Reviews > Books
This New Spielberg Biography Falls Short in its Analysis of a Storied Man

Film historian Molly Haskell's Steven Spielberg covers all of Spielberg's life, but its pointed analytic lens is too small to properly put his life's work in perspective.

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The “Good Old Days” of TV Are Happening Right Now

Why American television is better now than it's ever been -- and the unexpected paths by which it got there.

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No Country for Broken Men in Joseph Scapellato’s ‘Big Lonesome’

Even at their most impenetrable and monotonous, the stories here are still rich with refined poeticism and imagination.

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‘The Black Notebook’ Shows Modiano’s Undiminished Capacity to Conjure the Magic of Paris

Someday, perhaps, a virtual reality headset will achieve something like what Patrick Modiano has done here.

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‘The Art of the Blues’ Captures the Music’s Visuals to Sublime Standards

Author Bill Dahl and art consultant Chris James' work celebrates the visual swagger of the blues simply for the sheer joy of those visuals.

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‘Aleksandr Sokurov: Russian Ark’ Serves as a Succinct Companion to the Landmark Film

At once a production history, a film analysis and a history of the Hermitage Museum, the Chair of the Film Studies at Aberystwyth University has written a concise and thought-provoking volume.

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The Obscure Cities Series Blends the Subtle and the Fantastic

The steampunk cityscapes are fantastic in The Theory of the Grain of Sand, yet the underlying mystery is subtle.

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Dave Barry Does the Unimaginable in an Exploration of the Sunshine State

Tired of fielding questions about what's the matter with Florida, a treasured American humorist takes matters into his own hands and finds out for himself.

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On Robert Walser’s Idiosyncratic, Whimsical, Sly, and Enchanting Works

Walser's attentiveness to the world's capacity for beauty and kindness in a time of brutality is the most interesting aspect of this book.

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Paul Auster’s ‘4 3 2 1’ Has Flashes of Brilliance But Doesn’t Transcend Its Genre

The four lives of Archie Ferguson do not add up to more than the sum of their parts.

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Do Our Superheroes Satisfy a Secret Craving for Authoritarianism?

Chris Gavaler's On the Origins of Superheroes raises compelling questions about our fascination with men in tights.

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Can Literature Like Banana Yoshimoto’s ‘Moshi Moshi’ Heal the Soul?

For those who haven’t yet experienced Bananamania, Moshi Moshi is as good a place to start as any. Because what Yoshimoto does, she does incredibly well.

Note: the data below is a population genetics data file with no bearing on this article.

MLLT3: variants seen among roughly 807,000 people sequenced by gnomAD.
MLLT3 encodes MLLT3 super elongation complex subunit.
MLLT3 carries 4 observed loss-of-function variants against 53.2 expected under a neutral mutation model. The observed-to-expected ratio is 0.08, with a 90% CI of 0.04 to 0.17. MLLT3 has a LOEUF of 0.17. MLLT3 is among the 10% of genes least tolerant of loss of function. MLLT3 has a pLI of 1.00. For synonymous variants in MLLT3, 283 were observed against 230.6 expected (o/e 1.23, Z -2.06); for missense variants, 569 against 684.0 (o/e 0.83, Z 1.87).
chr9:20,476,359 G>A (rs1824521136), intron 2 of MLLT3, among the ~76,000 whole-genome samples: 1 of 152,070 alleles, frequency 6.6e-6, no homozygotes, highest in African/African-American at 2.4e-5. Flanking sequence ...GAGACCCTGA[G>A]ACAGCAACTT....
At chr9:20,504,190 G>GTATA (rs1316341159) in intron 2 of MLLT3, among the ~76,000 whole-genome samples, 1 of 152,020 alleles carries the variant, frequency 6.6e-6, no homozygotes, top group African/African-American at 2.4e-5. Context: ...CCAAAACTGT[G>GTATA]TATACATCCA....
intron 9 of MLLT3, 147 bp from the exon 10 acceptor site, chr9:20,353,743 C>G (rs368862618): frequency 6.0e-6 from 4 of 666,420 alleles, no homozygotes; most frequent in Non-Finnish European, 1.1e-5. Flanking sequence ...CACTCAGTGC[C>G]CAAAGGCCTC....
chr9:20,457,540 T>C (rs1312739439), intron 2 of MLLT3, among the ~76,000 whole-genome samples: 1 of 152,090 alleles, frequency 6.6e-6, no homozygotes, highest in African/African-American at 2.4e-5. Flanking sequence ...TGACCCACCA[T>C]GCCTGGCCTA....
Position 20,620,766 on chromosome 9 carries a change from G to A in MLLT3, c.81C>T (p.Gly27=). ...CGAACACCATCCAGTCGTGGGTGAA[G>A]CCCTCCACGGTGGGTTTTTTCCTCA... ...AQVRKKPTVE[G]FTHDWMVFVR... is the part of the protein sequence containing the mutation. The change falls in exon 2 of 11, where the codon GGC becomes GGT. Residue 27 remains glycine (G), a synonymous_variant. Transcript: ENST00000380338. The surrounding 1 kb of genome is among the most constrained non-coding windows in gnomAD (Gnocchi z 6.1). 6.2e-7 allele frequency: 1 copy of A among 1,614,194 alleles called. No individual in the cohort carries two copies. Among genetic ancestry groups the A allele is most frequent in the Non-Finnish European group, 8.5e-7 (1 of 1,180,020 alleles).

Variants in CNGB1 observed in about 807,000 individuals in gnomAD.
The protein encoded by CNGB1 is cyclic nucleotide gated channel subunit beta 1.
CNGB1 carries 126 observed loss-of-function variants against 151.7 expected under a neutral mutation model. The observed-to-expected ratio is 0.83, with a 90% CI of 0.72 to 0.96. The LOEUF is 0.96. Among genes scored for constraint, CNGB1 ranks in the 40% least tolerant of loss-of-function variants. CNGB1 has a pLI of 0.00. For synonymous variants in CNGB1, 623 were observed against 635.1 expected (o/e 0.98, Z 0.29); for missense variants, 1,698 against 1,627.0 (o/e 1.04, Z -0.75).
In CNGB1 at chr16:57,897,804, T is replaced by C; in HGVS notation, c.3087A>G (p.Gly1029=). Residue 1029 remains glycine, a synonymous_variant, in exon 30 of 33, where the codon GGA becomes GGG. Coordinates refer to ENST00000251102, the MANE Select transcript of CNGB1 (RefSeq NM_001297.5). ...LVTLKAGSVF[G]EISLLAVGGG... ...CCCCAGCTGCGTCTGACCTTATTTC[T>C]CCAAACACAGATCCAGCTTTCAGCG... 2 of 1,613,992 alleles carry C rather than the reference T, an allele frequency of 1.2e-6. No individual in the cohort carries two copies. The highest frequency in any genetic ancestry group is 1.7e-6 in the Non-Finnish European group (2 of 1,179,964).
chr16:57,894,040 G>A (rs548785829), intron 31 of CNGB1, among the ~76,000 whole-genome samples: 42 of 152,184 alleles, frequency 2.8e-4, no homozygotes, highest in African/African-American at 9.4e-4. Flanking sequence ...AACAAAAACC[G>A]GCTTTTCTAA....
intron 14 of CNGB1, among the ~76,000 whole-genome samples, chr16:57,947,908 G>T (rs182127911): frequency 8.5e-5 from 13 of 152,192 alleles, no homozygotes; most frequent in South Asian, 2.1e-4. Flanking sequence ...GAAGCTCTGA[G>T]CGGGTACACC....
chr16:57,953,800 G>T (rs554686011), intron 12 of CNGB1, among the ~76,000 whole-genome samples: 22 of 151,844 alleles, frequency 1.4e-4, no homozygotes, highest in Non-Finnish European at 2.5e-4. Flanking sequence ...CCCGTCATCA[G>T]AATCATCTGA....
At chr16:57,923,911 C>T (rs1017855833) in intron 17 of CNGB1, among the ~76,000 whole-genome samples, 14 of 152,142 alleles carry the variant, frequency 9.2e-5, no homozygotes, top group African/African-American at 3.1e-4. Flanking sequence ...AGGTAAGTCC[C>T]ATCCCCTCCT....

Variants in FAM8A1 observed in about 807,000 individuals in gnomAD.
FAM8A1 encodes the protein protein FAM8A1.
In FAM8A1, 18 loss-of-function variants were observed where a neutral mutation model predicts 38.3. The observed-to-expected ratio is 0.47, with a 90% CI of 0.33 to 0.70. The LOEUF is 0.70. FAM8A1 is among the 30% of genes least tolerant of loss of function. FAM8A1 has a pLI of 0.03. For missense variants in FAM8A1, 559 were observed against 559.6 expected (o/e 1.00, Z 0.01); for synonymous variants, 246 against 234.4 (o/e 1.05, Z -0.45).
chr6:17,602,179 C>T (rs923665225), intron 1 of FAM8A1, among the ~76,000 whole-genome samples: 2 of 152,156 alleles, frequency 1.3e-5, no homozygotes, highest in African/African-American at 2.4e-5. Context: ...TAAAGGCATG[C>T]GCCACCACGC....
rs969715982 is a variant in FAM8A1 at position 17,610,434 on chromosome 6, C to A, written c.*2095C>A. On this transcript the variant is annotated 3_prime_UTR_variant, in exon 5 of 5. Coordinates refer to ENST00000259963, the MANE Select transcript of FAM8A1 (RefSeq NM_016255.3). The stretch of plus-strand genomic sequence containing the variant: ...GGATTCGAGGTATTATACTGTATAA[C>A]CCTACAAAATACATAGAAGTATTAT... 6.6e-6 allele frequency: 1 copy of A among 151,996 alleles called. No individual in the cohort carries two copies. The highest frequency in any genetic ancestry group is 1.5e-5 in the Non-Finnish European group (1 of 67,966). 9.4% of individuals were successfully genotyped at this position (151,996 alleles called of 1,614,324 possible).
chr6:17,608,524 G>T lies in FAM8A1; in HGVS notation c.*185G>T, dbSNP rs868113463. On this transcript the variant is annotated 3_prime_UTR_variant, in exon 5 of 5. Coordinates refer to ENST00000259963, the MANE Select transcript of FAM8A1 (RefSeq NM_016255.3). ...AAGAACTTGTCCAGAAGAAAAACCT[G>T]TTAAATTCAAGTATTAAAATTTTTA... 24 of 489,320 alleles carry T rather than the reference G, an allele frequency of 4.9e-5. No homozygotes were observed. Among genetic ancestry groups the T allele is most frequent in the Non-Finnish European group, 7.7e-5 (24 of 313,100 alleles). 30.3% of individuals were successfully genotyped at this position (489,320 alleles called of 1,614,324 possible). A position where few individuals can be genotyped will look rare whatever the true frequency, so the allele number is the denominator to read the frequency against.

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You Will Get Fooled Again: ‘Cinema’s Bodily Illusions: Flying, Floating, and Hallucinating’

On experiencing the cinema without representation or ideology.

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‘Power to the People’ Bleeds History on The Now

Fifty years after the formation of the Black Panthers, a pictorial/oral account reminds us of the movement's power, and promise.

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Take a Vacation From Despair With ‘The Dark and Other Love Stories’

Deborah Willis enchants and transports with 11 stories of adolescent friendship, Canada, and birds.

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Caravaggio May Be the Least Documented Yet Most Constructed Renaissance Artist

Caravaggio and the Creation of Modernity draws attention to both the skill of the historian and the enduring and towering genius of the artist.

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Fun Fact: Jane Austen Wasn’t the Only Female Author of Note During Her Time

Shelley DeWees' sardonic humor buoys the reader through infuriating examples of the misogyny, double standards, and injustice British women authors had to contend with.

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‘You Say You Want a Revolution’? Hell, Yeah!

The images in You Say You Want a Revolution inspire, and the ideas behind them offer spark to ignite another, much needed cultural revolution.

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Pickett Was Wicked Good and Wicked Bad: ‘In the Midnight Hour’

Tony Fletcher's biography of the great soul singer is a vivid, detailed, and insightful portrait of a complex, talented, and often deplorable man.

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8 Feb 2017 // 3:15 AM

When Does an Object Become a Historical Artifact?

Dispatches from Dystopia seeks out and is drawn to tell stories of places that are often left open to interpretation.

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Red Baraat Blows Hartford Hall Down Celebrating the Festival of Colors (Photos)

// Notes from the Road

"Red Baraat's annual Festival of Colors show rocked a snow laden Hartford on a Saturday evening.

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